Bernero Talks To Sault Tribe About Casino
The city of Lansing and the Sault Ste. Marie Tribe of Chippewa Indians are in negotiations for a potential downtown casino, two sources with knowledge of the talks told MIRS today.
Lansing Mayor Virg BERNERO had hoped to make an official announcement of a deal sometime this week, but that has been pushed forward two to four weeks. If one were built, organized labor would push to be involved in the construction or renovation of a facility.
“There’s been a lot of discussion,” said UAW Local 602 President Art LUNA, who has been party to some of the discussions. “It’s an opportunity to bring jobs to Lansing.”
Attorney Richard McLELLAN, who consulted with the Bernero administration on the feasibility of a casino in Lansing, said his conclusion is that no more casinos can be built in Michigan, which is not an uncommon opinion, he said. However, Bernero is working with other legal counsel to find another legal avenue.
“If someone can figure out how to do it, more power to them,” McLellan said. “Maybe somebody has a way to do it. If they do, it will be a new theory. It will have to be.”
Sault Tribe Chairman Joe Eitrem would neither confirm nor deny its interest in “any project that may or may not be under consideration at this time.
“The Sault Tribe is regularly presented with economic development and business opportunities that we evaluate relative to our long-term tribal goals and objectives,” Eitrem said. “We will explore any and all business and development opportunities that offer the potential to help us achieve our goals of economic self-sufficiency and improving programs and services for our members.
“If and when we are prepared to announce our firm interest in any such a project, we will inform our members, the news media, and other audiences.”
A phone call to a Bernero spokesman was not returned by MIRS‘ deadline.
Under a constitutional amendment approved in 2004, the creation of any new non-Indian casino would need statewide and local voter approval. Any new Indian casino would need to follow specific federal guidelines that McLellan said he doesn’t believe any Native American tribe can qualify under.
Also, every tribe made a commitment to the state not to pursue off-reservation gaming unless all Michigan tribes agree.
This is a sentiment shared by James Nye, spokesman for the Saginaw Chippewa Indian Tribe and Nottawaseppi Huron Band of Potawatomi. He said the Sault Tribe has the Kewadin Casino in the Upper Peninsula and his client opposes any casino that goes “shopping for land hundreds of miles away from its tribal government headquarters.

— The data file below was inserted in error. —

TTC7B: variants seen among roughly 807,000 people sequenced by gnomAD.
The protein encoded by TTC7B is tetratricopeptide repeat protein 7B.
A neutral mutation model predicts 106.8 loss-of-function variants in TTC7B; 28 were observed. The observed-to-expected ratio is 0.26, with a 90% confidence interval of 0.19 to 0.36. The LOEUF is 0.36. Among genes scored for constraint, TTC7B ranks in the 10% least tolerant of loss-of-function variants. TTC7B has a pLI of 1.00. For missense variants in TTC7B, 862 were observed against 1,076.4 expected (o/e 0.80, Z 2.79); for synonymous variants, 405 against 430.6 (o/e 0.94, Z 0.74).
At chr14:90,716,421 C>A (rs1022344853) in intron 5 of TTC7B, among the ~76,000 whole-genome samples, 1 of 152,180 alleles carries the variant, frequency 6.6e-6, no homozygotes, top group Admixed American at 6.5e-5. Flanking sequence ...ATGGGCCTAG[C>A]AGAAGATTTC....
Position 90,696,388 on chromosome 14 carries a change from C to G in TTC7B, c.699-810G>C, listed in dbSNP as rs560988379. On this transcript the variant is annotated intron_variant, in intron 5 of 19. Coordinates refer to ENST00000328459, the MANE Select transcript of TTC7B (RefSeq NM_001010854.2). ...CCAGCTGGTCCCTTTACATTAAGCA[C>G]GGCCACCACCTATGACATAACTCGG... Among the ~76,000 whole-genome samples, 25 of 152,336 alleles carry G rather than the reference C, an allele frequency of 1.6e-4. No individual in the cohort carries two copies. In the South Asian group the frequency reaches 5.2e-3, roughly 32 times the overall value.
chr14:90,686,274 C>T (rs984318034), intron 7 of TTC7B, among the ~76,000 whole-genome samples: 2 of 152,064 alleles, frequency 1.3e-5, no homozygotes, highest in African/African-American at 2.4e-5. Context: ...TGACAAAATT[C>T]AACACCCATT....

“That is contrary to the intent of Congress and the federal courts in establishing the legal framework for Indian gaming,” Nye said.
However, earlier this year the federal government reversed its gaming policy, dramatically increasing the likelihood that there could be an expansion of Michigan’s Native American casinos (See “New Life For Off-Reservation Casinos,” 6/14/11).
As a result, there’s a re-evaluation of possible off-reservation casino sites, many of which had previously appeared unlikely to receive approval.
That includes the Great Lakes Downs site at Muskegon, where the Little River Band of Ottawa Indians want to open a casino; sites at Vanderbilt, Port Huron and Flint, where the Bay Mills Tribe of Chippewa Indians want to open casinos; and, the Pinnacle Race Course at Romulus where the Sault tribe also would like to build a casino.
Bay Mills is set to make a presentation to the Flint Township Board on Monday.
Ted O’Dell of the Lansing Jobs Coalition, who spearheaded a petition effort earlier this year in an attempt to drum up interest for a casino project, said he supports Bernero’s efforts to get a casino into downtown Lansing, pointing to the 1,500 jobs it could create.
“This would be a fantastic opportunity for Lansing,” O’Dell said. “If Lansing doesn’t take advantage of it, it will go somewhere else in Michigan — Saginaw, Flint, somewhere else where people need jobs.”